Politecnico di Milano students Matteo Almondo, Davide Arnaboldi, Dario Corti e Simone Iovenitti designed a component that, after final qualification, will be mounted on the new D-Orbit’s ION MK2 spacecraft that will launch to space in August 2020.
The space component has been designed for the course “Additive Manufacturing for Space and Aerospace Applications”.
Students were asked to get their hands on the redesign of a real space component for Additive Manufacturing.
The students were asked to redesign for additive manufacturing a real space component, the support that connects the reaction wheels for attitude control of the ION Cubesat Carrier, a new version of a small spacecraft originally designed by D-Orbit for last mile delivery and positioning of CubeSat satellites. For this version of the spacecraft, D-Orbit is directly working with ESA, and their technology will also be employed for ESA’s Clean Space initiative on in-orbit servicing and active debris removal.
All teams were asked to minimize the weight of their redesigned support, comply with the mechanical requirements of the structure (static assessment and modal analysis) and optimize the manufacturability. Almondo, Arnaboldi, Corti and Iovenitti won the competition by presenting the best work among all the others: they were able to achieve the highest weight reduction (-65% with respect to the original weight of the component) observing all the mechanical and “printability” requirements.
The winning team was enthusiastic about the experience: “Designing a component that will go in space is something that few years ago would have been just a dream. Thanks to the collaboration between Politecnico of Milan, ESA and D-Orbit this has become reality! The best experience in the project was to learn how to work in a team. Each one of us has a different background and skills, to put them together was the key to success".
At the end of the project, the participants were engaged in a final presentation day that was held at the Department of Mechanical Engineering in front of a panel composed by prof. Tommaso Ghidini , prof. Bianca Colosimo, dr. Federico Ballo, and Italian start-up D-Orbit CTO Lorenzo Ferrario and Luca Bonino.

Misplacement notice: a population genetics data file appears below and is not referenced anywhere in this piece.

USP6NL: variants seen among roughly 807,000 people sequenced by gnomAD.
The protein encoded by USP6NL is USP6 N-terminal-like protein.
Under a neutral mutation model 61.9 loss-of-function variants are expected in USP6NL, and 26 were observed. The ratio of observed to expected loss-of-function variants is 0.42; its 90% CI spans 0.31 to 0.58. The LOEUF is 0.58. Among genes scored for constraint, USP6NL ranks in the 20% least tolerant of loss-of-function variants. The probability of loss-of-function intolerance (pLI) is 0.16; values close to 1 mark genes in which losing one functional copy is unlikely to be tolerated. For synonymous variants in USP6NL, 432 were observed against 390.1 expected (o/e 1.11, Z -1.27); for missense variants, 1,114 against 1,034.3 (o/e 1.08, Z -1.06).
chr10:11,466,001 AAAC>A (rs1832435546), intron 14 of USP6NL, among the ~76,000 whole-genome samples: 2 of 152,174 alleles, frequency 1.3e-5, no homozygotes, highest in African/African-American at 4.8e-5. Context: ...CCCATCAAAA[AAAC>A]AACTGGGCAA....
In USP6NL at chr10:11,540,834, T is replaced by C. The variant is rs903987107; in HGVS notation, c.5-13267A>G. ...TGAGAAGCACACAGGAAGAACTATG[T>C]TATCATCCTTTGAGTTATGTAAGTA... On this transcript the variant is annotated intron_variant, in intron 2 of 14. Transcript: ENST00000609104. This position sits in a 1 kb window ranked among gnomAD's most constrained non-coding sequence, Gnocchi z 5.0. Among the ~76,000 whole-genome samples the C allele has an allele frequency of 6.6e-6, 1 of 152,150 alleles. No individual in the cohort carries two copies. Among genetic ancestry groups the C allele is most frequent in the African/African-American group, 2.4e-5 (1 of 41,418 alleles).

“The part selected for challenging the students’ engineering creativity was particularly relevant this year. First, the element has the crucial function of holding the reaction wheels, allowing every spacecraft to manoeuver in space. Moreover, this particular component will fly on a mission cleaning the orbits close to Earth from the un-operational satellites and debris in the frame of a very noble program of the European Space Agency, called Clean Space” said Tommaso Ghidini, Head of the Structures, Mechanisms and Materials Division at ESA – European Space Agency and professor of Additive Manufacturing for Space and Aerospace Applications.
“All seven groups of students and PhD Candidates” commented prof. Colosimo “were engaged in a real case-study that allowed them to measure-up with the complete process of Additive Manufacturing technologies. We have now successfully concluded the second edition of the course, which will be among our educational offer also for A.Y 2019-20, with Tommaso Ghidini as Visiting Professor”.
Lorenzo Ferrario and Luca Bonino of D-Orbit joined the panel during the day and in the selection of the winning team. "We have been extremely happy to take part in the project as test-case. We were really impressed by the quality of the results of the various project groups and were honored to take part in the judging committee. We at D-Orbit are strong supporters of the transition of the industry into Additive Manufacturing, as we enjoy the freedom this novel technology gives us during our design process. We look forward to continuing the collaboration with Politecnico di Milano and ESA on the topic" said Ferrario.
This communication first published 19 July 2019 by Politecnico di Milano.